the world's GDP and 6-7 per cent of total employment.Tourism has become a key component of global trade,currently generating close to US$3 billion a day inoverall export incomes; accounting for as much as 30per cent of the world's exports of commercial services;and carrying 880 million people across internationalborders in 2009 - spending US$852 billion in the process. Understanding these figures is critical when facing today's major global challenge of a fragile, uneven and jobless recovery and working towards sustained and balanced future growthand development. For many developing countries, tourism is one of their main sustainable income sources, creating mush needed employment and opportunities for development, especially in rural areas. Indeed, in 2009, emerging economies received 410 million international tourist arrivals, a 47 per cent share of the world's total, and US$306 billion in international tourism receipts, 36 per cent of the total. AIR TRANSPORT AND TOURISM Tourism is estimated to be responsible for about fiveper cent of global carbon emissions. Of this, 40 percent comes from air passenger transport, the major,and a growing, contributor to global Greenhouse Gases(GHGs) generated by visitors. In 2009, 51 per cent ofthe 880 million international tourists worldwide arrivedat their destinations by air. In many destinations,particularly those in small islands developing states, inCentral and West Africa or in Central and SouthAmerica, the proportion was much higher.Tourism has an interest and a responsibility to reduce global emissions, advancing adaptation andmitigation strategies in all tourism industries from airtransport to accommodation and other tourismactivities. Yet, mitigation measures, namely thoseaimed at air transport, cannot be taken in isolation,without consideration of the broader tourismframework and its massive contribution to social and economic development and poverty eradication; considered the first and overridingpriorities of developing countries by the CopenhagenAccord. Measures to reduce global greenhouseemissions from air transport cannot afford to ignorethis reality.Despite emitting the least greenhouse gases,developing countries are also the regions most at riskfrom climate change, threatening their economicgrowth and long-term prosperity, and would be doublyaffected if deprived of their income from tourism. Consistent with its commitment to the UN MillenniumDevelopment Goals, and to poverty alleviation inparticular, UNWTO believes that differing treatment isTOURISM075?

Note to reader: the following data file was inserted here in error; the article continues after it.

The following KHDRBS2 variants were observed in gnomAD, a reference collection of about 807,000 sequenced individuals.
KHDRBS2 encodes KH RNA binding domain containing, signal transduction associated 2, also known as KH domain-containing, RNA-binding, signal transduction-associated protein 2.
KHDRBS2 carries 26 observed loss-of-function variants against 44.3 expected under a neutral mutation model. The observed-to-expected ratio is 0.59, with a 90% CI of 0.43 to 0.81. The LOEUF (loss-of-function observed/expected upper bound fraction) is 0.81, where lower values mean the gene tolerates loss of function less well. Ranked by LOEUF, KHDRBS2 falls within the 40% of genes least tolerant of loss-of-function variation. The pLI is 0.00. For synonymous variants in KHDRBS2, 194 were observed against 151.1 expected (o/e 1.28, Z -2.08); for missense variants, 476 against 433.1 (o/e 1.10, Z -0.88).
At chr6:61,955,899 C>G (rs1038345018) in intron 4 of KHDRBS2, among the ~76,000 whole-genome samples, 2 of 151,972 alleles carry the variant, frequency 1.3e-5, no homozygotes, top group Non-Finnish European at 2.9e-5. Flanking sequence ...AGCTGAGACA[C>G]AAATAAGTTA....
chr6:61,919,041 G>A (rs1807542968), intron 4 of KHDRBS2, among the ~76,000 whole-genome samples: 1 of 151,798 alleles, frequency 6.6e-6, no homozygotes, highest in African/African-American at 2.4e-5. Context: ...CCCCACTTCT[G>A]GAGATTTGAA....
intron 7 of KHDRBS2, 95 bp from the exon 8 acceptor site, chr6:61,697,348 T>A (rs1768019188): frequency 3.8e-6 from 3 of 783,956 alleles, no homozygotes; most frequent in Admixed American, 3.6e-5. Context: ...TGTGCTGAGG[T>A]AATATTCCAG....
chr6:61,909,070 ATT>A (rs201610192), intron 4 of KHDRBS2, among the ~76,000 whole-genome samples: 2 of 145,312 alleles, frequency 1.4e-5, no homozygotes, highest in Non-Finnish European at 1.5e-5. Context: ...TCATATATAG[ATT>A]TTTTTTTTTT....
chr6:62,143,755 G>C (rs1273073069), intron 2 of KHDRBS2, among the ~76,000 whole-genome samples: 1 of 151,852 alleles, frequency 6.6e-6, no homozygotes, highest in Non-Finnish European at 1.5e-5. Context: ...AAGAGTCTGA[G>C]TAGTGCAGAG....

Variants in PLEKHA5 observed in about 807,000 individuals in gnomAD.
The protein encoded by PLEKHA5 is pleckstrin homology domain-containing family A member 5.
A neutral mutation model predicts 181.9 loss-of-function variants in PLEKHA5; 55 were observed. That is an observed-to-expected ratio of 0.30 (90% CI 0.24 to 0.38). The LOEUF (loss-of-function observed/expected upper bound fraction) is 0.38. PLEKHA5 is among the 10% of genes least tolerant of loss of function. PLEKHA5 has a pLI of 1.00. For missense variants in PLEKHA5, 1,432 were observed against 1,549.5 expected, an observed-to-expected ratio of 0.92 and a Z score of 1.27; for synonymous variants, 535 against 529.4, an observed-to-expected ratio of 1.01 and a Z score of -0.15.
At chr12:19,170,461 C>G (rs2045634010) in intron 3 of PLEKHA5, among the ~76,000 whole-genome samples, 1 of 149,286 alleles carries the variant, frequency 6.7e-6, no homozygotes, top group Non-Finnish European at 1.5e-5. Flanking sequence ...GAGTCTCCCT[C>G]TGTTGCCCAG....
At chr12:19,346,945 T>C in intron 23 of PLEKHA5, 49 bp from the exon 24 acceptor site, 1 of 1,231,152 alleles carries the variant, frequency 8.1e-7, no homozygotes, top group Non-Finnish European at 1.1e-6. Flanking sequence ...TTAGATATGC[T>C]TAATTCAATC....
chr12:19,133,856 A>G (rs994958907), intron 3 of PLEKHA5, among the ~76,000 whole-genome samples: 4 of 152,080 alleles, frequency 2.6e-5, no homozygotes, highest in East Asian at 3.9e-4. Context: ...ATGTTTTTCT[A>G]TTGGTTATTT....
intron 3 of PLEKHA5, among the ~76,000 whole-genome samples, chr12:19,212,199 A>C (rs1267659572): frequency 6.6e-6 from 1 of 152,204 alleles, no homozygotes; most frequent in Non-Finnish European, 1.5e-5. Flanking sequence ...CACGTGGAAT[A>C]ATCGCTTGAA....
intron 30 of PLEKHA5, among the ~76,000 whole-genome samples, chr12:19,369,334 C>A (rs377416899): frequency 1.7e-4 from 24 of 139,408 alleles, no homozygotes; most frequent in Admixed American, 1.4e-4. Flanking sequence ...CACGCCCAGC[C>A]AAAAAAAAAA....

fundamental to any long-term multilateral frameworkfor the mitigation of GHG emissions. In particular,UNWTO has recently called for the application of theUNFCCC principle of Common but DifferentiatedResponsibilities amongst countries to alleviatenegative impacts on tourism in developing countries,where the sector accounts for as much as 45 per centof the service export earnings. TOURISM AT COP16United Nations climate negotiations represent ahistorical opportunity to meet the challenge of creatinga more sustainable planet; an opportunity not to be missed. In particular, COP16 is a platform from which toformalise pledges and promises made to cut and limitemissions and provide clarity on the continuation ofthe Kyoto protocol. It is also a chance to ensure thatthe funding pledges coming out of Copenhagen -US$30 billion in climate support for developingeconomies, with a goal of reaching US$100 billion inannual funding by 2020 - start flowing. Some of thisfunding could be channelled into sustainable tourismprojects, providing key development options for local communities. From the tourism perspective, it is a chance tocontinue pushing for the sector to be seen as a wholewithin the evolving UN framework, and to ensure thatits positive effects on economic growth, developmentand poverty alleviation, not just air emissions, providethe content for debate. nABOUT THE AUTHORDr Taleb Rifai was elected Secretary-General of theUNWTO on May 12, 2009.Prior to that, he wasDeputy Secretary-General of the UNWTO and, from1999 to 2003, the Jordanian Minister of Tourism and Antiquities. His other posts included that of the Director ofJordan's Economic Mission to Washington, theDirector-General of the Jordanian InvestmentPromotion Corporation and the Chairman of theJordan Tourism Board. Dr Rifai also served as the Minister of Planning andInternational Cooperation from 1995 to 1997, whenhe was actively involved in policy making anddeveloping investment strategies . Dr Rifai was responsible for founding Jordan's firstArchaeological Park in the ancient city of Petra, incollaboration with UNESCO and the World Bank, and other projects in Jerash, the Dead Sea and Wadi Rum. 076TOURISM" "THE COPENHAGEN ACCORD HAS BEEN ENDORSED BY OVER 110 COUNTRIES, REPRESENTING AT LEAST 80 PER CENT OF WORLD EMISSIONS AND A SIMILAR PERCENTAGE OF GDP.UN Photo/WFP/Amjad Jamal Above:Climate Groupfounder Dr StephenHoward Pictured:Victims of2010 floods in Pakistan.Despite emitting the leastgreenhouse gases,developing countries arethe regions most at riskfrom climate change.